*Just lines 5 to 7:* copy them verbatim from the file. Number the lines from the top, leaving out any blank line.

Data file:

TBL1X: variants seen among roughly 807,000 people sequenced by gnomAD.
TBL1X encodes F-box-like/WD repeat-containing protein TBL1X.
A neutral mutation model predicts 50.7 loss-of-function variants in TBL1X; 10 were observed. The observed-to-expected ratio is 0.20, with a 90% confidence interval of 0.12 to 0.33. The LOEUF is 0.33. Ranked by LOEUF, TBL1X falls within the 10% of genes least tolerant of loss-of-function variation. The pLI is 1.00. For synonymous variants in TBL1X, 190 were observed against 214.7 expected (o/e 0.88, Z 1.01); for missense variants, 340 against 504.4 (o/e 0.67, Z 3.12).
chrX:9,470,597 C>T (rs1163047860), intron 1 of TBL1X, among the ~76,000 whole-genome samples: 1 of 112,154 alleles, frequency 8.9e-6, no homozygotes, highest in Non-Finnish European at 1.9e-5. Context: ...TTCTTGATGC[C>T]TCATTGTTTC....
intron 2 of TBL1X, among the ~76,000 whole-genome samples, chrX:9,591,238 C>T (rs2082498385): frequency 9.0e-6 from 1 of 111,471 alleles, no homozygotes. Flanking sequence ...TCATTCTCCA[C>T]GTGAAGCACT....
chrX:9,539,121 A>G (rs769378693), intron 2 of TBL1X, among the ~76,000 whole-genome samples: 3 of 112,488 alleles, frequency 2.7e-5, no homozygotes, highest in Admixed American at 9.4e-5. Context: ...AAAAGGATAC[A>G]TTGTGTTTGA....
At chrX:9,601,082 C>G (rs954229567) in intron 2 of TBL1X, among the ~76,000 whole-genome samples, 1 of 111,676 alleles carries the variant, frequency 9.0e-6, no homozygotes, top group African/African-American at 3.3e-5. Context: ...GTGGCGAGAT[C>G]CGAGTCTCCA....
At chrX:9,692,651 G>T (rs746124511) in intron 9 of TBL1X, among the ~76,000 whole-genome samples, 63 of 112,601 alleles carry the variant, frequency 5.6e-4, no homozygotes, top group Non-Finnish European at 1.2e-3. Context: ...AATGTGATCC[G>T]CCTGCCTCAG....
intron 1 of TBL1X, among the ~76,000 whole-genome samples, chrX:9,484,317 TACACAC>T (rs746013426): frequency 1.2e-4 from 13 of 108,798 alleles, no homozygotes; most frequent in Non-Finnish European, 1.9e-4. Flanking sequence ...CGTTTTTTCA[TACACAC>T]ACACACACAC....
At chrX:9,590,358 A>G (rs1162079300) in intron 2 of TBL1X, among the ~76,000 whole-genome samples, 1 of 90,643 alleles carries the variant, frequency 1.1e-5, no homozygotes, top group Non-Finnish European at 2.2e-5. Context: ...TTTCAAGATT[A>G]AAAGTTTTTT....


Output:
intron 2 of TBL1X, among the ~76,000 whole-genome samples, chrX:9,591,238 C>T (rs2082498385): frequency 9.0e-6 from 1 of 111,471 alleles, no homozygotes. Flanking sequence ...TCATTCTCCA[C>T]GTGAAGCACT....
chrX:9,539,121 A>G (rs769378693), intron 2 of TBL1X, among the ~76,000 whole-genome samples: 3 of 112,488 alleles, frequency 2.7e-5, no homozygotes, highest in Admixed American at 9.4e-5. Context: ...AAAAGGATAC[A>G]TTGTGTTTGA....
At chrX:9,601,082 C>G (rs954229567) in intron 2 of TBL1X, among the ~76,000 whole-genome samples, 1 of 111,676 alleles carries the variant, frequency 9.0e-6, no homozygotes, top group African/African-American at 3.3e-5. Context: ...GTGGCGAGAT[C>G]CGAGTCTCCA....